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11 Note bilateral flattening of the diaphragms and significant hyperinflation as demonstrated by visualization of 11 posterior ribs. .

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where the air will accumulate first. . This is the key sign of a pneumothorax as this is the highest point in the supine patient.An inferior anteromedial pneumothorax may be evidenced by delineation of the heart border and a lucent cardiophrenic sulcus.

The anteromedial and subpulmonary locations are the initial areas of air collection in the supine patient. Subpulmonic pneumothorax occurs when air accumulates between the base of the lung and the diaphragm. An apical pneumothorax in a supine patient is a sign that a large volume of air is present. intrapleural air rises anteriorly and medially. Anterolateral air may increase the radiolucency at the costophrenic sulcus. Other signs of subpulmonic pneumothorax include a hyperlucent upper quadrant with visualization of the superior surface of the diaphragm and visualization of the inferior vena cava. . often making the diagnosis of pneumothorax difficult. This is called the deep sulcus sign.In the supine patient.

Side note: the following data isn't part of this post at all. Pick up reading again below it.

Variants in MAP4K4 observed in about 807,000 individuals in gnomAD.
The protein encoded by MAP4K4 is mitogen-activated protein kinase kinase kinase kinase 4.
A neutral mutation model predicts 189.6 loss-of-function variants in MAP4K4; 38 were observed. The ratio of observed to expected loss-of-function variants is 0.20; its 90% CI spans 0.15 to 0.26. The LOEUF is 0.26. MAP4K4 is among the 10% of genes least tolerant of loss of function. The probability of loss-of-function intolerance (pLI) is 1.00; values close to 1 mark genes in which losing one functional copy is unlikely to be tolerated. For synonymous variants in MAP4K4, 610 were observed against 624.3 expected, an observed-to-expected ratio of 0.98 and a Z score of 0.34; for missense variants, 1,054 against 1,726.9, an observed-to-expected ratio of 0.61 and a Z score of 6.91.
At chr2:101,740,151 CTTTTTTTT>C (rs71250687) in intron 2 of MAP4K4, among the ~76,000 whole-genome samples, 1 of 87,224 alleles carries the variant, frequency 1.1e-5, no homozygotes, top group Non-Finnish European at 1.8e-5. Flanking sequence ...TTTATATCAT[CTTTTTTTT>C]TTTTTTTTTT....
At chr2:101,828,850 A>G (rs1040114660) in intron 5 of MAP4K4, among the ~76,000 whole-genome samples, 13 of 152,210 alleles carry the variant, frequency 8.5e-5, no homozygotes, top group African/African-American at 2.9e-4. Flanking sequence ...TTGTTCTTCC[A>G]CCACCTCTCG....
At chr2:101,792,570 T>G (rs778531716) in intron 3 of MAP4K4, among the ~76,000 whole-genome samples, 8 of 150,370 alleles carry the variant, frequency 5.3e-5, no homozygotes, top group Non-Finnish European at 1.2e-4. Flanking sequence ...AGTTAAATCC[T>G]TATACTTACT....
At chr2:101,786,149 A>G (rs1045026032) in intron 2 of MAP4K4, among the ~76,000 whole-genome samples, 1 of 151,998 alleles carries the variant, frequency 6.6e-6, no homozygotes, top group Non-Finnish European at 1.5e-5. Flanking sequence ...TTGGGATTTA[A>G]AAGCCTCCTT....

Bilateral pleural effusions in a supine patient. This film demonstrates fluid in the posterior basilar space without loss of normal bronchial markings.

A large pleural effusion has wrapped around the lateral and apical lung surfaces

Even an effusion this size may be difficult to detect in a supine film .This PA chest film of an erect patient shows a large pleural effusion on the right.

Pleural fluid (arrows) layers out on this left lateral decubitis film .

The pneumoperitoneum outlines the inferior border of the diaphram. diaphram. This facilitates identification of the large subpulmonary plueral effusion .This is a sitting AP film of a patient who underwent abdominal surgery resulting in pneumoperitoneum (arrow).